My proof that "a polynomial of single variable with integer coefficients cannot generate primes for all integer inputs"
Posted:
Aug 19, 2013 11:21 PM


So I came across f(n) = n^2  n + 41 in this video: http://www.youtube.com/watch?v=3K12i0jclM
So n=41 clearly will produce a composite number. So based on this fact, I try to do my proof at the very bottom...
So it seems that no polynomial in a single variable (I guess we have to through out constant polynomials) exists that only produces primes on integer input. And wolfram link claims someone proved this in 1752 (http://mathworld.wolfram.com/PrimeGeneratingPolynomial.html).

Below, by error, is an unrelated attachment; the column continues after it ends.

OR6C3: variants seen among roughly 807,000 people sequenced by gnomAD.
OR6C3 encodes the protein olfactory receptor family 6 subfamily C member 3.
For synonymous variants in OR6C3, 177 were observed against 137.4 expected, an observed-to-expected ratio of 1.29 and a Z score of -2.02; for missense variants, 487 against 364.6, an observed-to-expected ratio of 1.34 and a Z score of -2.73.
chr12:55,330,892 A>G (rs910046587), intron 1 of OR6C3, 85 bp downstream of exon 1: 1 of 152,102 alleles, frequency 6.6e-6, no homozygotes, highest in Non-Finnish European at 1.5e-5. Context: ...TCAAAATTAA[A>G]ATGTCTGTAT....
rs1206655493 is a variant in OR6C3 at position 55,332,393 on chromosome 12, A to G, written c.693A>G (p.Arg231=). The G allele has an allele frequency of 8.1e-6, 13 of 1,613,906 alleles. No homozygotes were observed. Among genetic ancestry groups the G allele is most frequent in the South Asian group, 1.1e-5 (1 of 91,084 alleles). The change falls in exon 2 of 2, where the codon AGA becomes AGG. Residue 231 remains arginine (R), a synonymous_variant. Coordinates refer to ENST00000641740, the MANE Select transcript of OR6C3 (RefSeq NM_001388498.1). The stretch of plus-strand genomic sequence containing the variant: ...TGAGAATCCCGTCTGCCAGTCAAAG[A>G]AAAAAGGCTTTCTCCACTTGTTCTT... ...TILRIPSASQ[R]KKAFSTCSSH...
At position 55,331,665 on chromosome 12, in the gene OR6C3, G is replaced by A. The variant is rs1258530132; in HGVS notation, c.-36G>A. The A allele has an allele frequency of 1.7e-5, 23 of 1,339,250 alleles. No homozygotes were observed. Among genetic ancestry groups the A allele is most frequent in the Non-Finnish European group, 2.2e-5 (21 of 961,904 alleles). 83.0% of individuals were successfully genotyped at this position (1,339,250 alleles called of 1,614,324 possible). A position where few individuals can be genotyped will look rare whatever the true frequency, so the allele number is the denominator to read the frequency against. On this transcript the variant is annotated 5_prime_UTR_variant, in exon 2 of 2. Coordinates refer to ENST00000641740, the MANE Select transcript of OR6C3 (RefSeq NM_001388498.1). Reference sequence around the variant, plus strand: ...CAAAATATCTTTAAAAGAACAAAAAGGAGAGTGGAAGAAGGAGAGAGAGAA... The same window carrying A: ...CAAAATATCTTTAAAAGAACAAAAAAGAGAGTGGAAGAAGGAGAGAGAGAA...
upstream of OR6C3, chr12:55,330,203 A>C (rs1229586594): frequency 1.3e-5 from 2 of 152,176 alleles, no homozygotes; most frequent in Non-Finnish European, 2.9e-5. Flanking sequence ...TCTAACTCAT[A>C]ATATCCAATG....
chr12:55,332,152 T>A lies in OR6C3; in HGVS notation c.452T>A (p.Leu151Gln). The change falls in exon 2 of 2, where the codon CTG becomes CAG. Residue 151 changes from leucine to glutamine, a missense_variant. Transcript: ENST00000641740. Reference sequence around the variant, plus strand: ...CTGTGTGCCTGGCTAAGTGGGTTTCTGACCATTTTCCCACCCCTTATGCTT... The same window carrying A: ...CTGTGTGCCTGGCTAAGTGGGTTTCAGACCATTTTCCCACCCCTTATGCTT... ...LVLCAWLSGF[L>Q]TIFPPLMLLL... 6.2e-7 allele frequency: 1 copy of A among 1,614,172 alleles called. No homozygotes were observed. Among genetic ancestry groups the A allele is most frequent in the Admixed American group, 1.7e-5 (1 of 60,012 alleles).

Now it "seemed" obviously easy to prove based on the example at the top, because:
Let f(n) be a nonconstant polynomial with integer coefficients.
case 1) if the polynomial has no constant term, then any n would divide f(n) so let n=2 and we are done
case 2) if the polynomial has a constant term then, the constant would divide the polynomial evaluated at the constant, i.e., c divides f(c)
but this proof does not work for when the constant=1. 1 dividing f(1) does not prove that f(1) is composite.
How do I reconcile this?